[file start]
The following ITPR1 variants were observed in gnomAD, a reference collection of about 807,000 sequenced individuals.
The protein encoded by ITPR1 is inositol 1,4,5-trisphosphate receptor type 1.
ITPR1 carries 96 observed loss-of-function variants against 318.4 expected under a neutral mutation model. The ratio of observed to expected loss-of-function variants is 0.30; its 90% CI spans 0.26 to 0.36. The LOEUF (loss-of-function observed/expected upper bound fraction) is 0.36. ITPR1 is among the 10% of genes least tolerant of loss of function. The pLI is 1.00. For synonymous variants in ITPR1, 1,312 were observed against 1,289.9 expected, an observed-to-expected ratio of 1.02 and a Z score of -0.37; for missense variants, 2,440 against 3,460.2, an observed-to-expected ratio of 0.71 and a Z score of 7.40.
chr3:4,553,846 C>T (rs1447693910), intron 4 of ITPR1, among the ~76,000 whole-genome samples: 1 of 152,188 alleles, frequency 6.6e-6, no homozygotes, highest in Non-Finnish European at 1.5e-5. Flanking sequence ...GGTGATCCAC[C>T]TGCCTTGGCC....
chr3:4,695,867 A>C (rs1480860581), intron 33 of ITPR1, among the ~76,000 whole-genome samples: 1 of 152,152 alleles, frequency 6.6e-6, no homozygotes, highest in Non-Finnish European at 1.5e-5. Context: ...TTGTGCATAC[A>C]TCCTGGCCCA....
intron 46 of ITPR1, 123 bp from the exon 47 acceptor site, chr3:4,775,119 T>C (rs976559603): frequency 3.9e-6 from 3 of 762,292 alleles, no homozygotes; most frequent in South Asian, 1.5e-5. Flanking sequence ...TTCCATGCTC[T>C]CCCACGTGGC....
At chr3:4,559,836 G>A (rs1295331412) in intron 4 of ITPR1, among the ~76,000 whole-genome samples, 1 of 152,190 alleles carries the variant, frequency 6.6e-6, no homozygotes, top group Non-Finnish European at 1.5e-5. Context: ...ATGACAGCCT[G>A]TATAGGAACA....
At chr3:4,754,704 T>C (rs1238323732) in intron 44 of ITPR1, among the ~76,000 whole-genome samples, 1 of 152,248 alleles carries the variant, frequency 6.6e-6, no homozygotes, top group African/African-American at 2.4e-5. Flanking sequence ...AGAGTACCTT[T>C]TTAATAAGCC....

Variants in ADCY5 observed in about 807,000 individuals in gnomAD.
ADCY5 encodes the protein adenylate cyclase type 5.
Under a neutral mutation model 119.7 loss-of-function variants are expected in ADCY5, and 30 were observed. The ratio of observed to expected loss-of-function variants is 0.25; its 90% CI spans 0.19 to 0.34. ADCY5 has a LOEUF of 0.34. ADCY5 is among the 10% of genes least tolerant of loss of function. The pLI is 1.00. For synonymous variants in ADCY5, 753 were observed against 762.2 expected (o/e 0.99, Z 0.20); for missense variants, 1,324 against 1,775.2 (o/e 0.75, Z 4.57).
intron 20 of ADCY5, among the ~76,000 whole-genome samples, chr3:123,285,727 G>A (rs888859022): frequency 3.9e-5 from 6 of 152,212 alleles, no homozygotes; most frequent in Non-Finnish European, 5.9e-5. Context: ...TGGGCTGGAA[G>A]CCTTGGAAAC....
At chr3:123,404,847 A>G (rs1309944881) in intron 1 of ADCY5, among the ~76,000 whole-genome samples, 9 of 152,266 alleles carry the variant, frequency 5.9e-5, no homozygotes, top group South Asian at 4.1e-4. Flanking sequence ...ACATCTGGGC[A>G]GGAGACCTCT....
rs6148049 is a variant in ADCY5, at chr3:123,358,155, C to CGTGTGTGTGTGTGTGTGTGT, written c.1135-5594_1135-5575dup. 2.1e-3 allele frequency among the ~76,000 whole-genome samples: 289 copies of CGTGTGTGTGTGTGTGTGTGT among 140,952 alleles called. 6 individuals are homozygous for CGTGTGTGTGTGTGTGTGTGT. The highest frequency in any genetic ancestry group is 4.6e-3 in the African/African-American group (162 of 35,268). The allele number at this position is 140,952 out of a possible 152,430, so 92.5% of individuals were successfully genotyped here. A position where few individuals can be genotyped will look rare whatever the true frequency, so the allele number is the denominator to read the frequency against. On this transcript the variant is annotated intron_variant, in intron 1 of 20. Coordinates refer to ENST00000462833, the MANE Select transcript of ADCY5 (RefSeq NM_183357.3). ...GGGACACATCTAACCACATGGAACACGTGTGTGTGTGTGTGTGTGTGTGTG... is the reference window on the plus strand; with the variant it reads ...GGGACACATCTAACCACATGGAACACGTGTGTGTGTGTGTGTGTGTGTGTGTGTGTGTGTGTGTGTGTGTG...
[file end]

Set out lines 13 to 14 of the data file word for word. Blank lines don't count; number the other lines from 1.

At chr3:123,404,847 A>G (rs1309944881) in intron 1 of ADCY5, among the ~76,000 whole-genome samples, 9 of 152,266 alleles carry the variant, frequency 5.9e-5, no homozygotes, top group South Asian at 4.1e-4. Flanking sequence ...ACATCTGGGC[A>G]GGAGACCTCT....
rs6148049 is a variant in ADCY5, at chr3:123,358,155, C to CGTGTGTGTGTGTGTGTGTGT, written c.1135-5594_1135-5575dup. 2.1e-3 allele frequency among the ~76,000 whole-genome samples: 289 copies of CGTGTGTGTGTGTGTGTGTGT among 140,952 alleles called. 6 individuals are homozygous for CGTGTGTGTGTGTGTGTGTGT. The highest frequency in any genetic ancestry group is 4.6e-3 in the African/African-American group (162 of 35,268). The allele number at this position is 140,952 out of a possible 152,430, so 92.5% of individuals were successfully genotyped here. A position where few individuals can be genotyped will look rare whatever the true frequency, so the allele number is the denominator to read the frequency against. On this transcript the variant is annotated intron_variant, in intron 1 of 20. Coordinates refer to ENST00000462833, the MANE Select transcript of ADCY5 (RefSeq NM_183357.3). ...GGGACACATCTAACCACATGGAACACGTGTGTGTGTGTGTGTGTGTGTGTG... is the reference window on the plus strand; with the variant it reads ...GGGACACATCTAACCACATGGAACACGTGTGTGTGTGTGTGTGTGTGTGTGTGTGTGTGTGTGTGTGTGTG...